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The U.S. Department of Education Introduces New Resources to Address Antisemitism, Islamophobia, and Other Discriminatory Biases
In May 2023, President Biden unveiled the groundbreaking U.S. National Strategy to Counter Antisemitism. This comprehensive effort from the entire U.S. government represents the most ambitious endeavor to combat antisemitism in American history. Additionally, the White House announced this month that the Biden-Harris Administration will develop the first-ever U.S. National Strategy to Counter Islamophobia. In line with these commitments, the U.S. Department of Education (Department) is introducing new resources to empower schools and college campuses in safeguarding students from discrimination and harassment based on their race, color, or national origin. This includes students who are Jewish, Muslim, Israeli, Arab, or Palestinian, or who are perceived to be.
“Hate has no place in our school classrooms or on our college campuses. Antisemitism, Islamophobia, and all forms of hate are completely contrary to our American values,” stated U.S. Secretary of Education Miguel Cardona. “The Biden-Harris Administration and the Department are tirelessly working to protect the civil rights of students from all backgrounds, including Jewish, Israeli, Muslim, Arab, Palestinian, and those with any shared ancestry. Every student has the right to learn in a safe and inclusive educational environment.”
New Resources to Promote Student Safety
- The Department is providing resources that can strengthen school safety initiatives and create more inclusive and positive environments for all students, educators, and school staff. This includes funding from the Bipartisan Safer Communities Act, which allocated $1 billion to districts for developing and enhancing safety initiatives.
- The Department-funded technical assistance centers, such as the 4 regional equity assistance centers and the National Center on Safe Supportive Learning Environments (NCSSLE), are offering guidance to support schools. The equity assistance centers provide technical support and training to promote equitable education opportunities related to race, sex, national origin, and religion. NCSSLE is launching two specialized resource collections to assist educators, students, parents, and community members in addressing antisemitism, Islamophobia, and related forms of discrimination. One collection is designed for P-12 schools, and the other is for higher education institutions.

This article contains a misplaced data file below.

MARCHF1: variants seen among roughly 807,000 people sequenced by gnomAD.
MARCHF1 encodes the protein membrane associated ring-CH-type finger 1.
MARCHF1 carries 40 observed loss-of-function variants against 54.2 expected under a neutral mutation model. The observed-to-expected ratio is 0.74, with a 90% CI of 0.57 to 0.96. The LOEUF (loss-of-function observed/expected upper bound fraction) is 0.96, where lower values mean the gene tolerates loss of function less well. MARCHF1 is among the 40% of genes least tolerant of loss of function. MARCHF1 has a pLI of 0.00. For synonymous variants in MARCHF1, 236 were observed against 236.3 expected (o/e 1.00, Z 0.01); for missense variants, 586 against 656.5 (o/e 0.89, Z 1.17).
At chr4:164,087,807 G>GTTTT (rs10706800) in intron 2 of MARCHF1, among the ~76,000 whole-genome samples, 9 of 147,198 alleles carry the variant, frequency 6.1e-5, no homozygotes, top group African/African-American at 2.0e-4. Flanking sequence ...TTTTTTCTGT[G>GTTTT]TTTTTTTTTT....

- Starting December 6th, the Office of Elementary and Secondary Education will initiate a webinar series focusing on evidence-informed strategies for hate-based threat prevention, bullying, and harassment. The webinars will cover various topics such as “Creating a Welcoming Environment” in December, “Full Student Participation” in December, “Conflict Mediation” in January, and “Ongoing Support” in February.
- Department senior leaders will hold listening sessions with P-12 school and postsecondary institution leaders to gather valuable insights on how schools are ensuring student safety in the aftermath of the Israel-Hamas conflict. Listening sessions with Jewish students, educators, and staff members are ongoing, with sessions planned for Muslim, Arab, Palestinian, Sikh, and other students impacted by Islamophobia in the coming weeks.
- The Department will highlight noteworthy efforts by students, communities, educators, and administrators in combating antisemitism as part of its Antisemitism Awareness Campaign. It will share information about these initiatives to provide tangible examples of how schools and campuses can implement similar efforts.
- The Center for Faith-Based and Neighborhood Partnerships (CFBNP) will contribute strategies for fostering inclusivity of Jewish, Muslim, and other religious identities. This includes promoting multifaith student groups, afterschool programs, and school-based initiatives that encourage cross-community cooperation.